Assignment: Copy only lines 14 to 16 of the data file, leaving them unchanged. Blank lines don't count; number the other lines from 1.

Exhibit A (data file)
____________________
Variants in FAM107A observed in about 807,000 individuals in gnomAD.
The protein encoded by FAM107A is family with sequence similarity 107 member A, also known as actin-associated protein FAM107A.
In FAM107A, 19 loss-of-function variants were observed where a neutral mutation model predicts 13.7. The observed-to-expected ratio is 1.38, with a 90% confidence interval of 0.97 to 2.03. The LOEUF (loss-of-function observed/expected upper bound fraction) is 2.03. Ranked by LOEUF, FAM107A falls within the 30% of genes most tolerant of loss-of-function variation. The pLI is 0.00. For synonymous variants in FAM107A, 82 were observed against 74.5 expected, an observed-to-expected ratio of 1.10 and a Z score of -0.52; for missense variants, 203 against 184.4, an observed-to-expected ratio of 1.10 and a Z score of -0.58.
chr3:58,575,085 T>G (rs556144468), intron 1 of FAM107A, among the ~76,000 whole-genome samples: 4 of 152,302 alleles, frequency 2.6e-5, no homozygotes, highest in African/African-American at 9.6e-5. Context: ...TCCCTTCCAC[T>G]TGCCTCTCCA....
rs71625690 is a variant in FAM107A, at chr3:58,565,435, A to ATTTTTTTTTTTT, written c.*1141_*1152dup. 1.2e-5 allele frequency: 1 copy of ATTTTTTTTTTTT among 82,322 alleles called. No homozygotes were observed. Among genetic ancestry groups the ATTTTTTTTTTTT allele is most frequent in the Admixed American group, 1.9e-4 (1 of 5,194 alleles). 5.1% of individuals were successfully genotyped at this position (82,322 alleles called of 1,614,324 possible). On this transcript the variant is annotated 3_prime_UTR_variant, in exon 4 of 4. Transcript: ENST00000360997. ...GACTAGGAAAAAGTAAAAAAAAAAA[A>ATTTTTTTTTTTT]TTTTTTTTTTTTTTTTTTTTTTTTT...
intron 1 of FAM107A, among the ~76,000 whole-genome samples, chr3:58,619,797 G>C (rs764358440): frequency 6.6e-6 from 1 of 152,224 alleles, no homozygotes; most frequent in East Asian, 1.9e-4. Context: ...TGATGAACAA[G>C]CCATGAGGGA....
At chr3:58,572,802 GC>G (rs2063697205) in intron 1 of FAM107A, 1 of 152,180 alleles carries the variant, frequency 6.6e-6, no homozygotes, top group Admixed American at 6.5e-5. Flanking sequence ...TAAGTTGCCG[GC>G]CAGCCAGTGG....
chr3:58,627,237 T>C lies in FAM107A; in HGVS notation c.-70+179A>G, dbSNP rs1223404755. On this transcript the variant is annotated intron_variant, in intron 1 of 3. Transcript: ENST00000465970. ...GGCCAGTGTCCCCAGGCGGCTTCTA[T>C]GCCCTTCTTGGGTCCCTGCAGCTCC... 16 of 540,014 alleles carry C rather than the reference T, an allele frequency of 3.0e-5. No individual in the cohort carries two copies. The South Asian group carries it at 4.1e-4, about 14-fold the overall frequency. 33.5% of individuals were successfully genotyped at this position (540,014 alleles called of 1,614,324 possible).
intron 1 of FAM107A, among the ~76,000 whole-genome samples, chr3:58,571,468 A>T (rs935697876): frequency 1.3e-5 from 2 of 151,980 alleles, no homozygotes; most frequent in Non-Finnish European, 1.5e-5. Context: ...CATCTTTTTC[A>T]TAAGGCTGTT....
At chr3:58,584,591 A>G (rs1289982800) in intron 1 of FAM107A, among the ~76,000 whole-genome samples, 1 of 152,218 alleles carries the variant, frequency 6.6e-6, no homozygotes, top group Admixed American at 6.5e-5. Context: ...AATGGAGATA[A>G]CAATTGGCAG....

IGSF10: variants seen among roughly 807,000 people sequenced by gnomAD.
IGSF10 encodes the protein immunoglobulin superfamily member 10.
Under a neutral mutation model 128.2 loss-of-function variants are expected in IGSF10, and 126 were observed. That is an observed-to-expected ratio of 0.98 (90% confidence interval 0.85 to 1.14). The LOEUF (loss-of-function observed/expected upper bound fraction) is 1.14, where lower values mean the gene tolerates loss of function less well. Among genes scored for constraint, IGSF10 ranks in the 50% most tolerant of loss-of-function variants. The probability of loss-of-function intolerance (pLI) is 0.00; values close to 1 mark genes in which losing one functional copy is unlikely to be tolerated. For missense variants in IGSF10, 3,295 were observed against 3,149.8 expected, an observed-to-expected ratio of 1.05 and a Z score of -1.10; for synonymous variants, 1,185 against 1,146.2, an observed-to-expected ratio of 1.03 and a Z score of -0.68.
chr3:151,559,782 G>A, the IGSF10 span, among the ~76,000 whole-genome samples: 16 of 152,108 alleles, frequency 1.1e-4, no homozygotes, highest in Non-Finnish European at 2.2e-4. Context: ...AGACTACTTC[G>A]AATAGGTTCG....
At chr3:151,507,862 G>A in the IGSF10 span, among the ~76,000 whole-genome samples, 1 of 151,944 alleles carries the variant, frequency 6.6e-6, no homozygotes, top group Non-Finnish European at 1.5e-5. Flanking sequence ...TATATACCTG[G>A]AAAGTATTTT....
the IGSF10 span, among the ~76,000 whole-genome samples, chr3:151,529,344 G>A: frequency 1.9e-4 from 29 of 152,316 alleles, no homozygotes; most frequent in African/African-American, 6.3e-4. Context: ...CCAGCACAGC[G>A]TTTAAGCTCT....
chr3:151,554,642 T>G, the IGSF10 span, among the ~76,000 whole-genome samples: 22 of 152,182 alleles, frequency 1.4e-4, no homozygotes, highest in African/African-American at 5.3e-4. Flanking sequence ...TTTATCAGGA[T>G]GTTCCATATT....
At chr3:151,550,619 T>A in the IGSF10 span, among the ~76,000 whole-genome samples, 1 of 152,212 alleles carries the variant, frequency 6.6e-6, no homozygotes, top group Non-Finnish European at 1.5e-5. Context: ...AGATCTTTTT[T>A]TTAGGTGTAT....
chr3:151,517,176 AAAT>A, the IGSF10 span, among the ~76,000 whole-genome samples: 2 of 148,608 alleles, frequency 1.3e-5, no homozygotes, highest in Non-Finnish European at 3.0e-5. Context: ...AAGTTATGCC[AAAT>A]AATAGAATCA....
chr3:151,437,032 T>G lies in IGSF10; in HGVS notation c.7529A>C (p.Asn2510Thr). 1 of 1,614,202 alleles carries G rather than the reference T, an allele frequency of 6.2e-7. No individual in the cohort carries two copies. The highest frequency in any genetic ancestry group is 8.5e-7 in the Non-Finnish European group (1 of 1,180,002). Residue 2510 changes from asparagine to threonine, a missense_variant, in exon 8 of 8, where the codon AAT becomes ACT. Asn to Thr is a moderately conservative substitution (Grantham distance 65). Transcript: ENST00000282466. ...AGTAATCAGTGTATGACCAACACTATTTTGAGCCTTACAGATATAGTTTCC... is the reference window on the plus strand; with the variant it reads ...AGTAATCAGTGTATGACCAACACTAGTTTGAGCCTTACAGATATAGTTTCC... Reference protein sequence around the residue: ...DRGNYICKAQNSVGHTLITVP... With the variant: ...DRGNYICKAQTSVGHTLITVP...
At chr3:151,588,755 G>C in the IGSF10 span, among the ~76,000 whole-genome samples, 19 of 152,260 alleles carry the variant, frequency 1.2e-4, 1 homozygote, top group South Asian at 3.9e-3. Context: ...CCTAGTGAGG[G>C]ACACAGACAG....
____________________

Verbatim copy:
chr3:151,559,782 G>A, the IGSF10 span, among the ~76,000 whole-genome samples: 16 of 152,108 alleles, frequency 1.1e-4, no homozygotes, highest in Non-Finnish European at 2.2e-4. Context: ...AGACTACTTC[G>A]AATAGGTTCG....
At chr3:151,507,862 G>A in the IGSF10 span, among the ~76,000 whole-genome samples, 1 of 151,944 alleles carries the variant, frequency 6.6e-6, no homozygotes, top group Non-Finnish European at 1.5e-5. Flanking sequence ...TATATACCTG[G>A]AAAGTATTTT....
the IGSF10 span, among the ~76,000 whole-genome samples, chr3:151,529,344 G>A: frequency 1.9e-4 from 29 of 152,316 alleles, no homozygotes; most frequent in African/African-American, 6.3e-4. Context: ...CCAGCACAGC[G>A]TTTAAGCTCT....